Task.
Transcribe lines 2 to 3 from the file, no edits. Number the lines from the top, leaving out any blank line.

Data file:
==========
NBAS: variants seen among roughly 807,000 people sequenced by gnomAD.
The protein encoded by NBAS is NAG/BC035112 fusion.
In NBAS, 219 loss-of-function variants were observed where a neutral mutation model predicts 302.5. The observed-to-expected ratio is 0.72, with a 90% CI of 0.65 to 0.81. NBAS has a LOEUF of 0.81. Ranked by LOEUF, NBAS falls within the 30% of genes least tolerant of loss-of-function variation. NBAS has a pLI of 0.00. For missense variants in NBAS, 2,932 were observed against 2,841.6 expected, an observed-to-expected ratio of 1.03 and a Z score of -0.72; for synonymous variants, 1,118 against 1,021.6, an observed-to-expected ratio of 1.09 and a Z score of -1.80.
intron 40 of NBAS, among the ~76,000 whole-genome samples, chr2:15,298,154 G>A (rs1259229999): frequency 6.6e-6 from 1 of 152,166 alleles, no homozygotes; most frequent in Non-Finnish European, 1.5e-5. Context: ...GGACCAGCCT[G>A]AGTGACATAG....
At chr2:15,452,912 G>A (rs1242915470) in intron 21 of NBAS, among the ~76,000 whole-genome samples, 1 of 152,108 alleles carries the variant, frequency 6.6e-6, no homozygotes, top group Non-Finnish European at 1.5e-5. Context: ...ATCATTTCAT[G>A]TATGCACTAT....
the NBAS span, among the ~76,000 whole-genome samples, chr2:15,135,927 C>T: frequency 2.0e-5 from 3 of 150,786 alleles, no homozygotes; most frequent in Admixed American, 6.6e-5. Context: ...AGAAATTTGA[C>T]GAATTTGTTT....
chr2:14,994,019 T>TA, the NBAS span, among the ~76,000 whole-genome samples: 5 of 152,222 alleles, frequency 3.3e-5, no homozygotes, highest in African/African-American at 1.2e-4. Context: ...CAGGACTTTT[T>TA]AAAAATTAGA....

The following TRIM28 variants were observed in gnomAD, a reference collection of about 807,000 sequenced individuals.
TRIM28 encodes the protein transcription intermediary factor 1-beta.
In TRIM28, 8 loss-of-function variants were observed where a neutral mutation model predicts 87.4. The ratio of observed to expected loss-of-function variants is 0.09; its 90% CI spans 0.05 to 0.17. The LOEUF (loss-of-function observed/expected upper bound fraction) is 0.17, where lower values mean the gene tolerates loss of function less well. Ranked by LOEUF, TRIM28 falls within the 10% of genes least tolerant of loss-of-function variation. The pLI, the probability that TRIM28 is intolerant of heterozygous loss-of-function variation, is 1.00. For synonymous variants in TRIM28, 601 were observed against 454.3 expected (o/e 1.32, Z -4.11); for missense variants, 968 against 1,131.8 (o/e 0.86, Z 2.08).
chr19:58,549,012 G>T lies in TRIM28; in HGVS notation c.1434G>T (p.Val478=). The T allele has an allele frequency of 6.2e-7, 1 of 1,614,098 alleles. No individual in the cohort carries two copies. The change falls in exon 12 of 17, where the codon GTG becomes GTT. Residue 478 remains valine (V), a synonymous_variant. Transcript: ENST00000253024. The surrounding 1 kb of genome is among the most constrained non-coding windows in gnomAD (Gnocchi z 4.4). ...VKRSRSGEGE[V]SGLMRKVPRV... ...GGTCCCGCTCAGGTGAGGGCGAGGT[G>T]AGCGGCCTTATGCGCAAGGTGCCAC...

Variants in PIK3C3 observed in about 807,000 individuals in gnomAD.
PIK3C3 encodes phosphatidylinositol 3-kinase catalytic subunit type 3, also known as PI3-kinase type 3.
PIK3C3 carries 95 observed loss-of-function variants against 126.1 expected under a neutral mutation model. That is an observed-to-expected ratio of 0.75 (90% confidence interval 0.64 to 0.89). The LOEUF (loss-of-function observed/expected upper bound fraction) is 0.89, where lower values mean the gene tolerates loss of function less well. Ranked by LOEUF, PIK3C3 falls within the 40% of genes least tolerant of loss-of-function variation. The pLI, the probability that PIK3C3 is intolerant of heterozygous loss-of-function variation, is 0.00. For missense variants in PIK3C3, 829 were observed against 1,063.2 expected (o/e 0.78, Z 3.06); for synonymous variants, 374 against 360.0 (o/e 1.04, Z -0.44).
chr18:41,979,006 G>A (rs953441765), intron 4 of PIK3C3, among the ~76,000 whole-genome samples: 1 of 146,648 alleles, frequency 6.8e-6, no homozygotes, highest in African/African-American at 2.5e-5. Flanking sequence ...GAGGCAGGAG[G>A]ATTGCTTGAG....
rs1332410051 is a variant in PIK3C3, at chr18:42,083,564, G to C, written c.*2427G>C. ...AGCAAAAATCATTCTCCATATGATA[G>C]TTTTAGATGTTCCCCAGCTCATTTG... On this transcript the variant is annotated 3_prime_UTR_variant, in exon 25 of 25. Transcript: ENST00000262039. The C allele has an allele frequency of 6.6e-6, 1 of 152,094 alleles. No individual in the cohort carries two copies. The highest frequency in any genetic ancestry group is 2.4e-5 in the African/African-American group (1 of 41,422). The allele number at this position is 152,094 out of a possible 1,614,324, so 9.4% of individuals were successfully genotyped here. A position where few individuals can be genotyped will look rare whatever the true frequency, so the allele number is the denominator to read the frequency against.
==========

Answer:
The protein encoded by NBAS is NAG/BC035112 fusion.
In NBAS, 219 loss-of-function variants were observed where a neutral mutation model predicts 302.5. The observed-to-expected ratio is 0.72, with a 90% CI of 0.65 to 0.81. NBAS has a LOEUF of 0.81. Ranked by LOEUF, NBAS falls within the 30% of genes least tolerant of loss-of-function variation. NBAS has a pLI of 0.00. For missense variants in NBAS, 2,932 were observed against 2,841.6 expected, an observed-to-expected ratio of 1.03 and a Z score of -0.72; for synonymous variants, 1,118 against 1,021.6, an observed-to-expected ratio of 1.09 and a Z score of -1.80.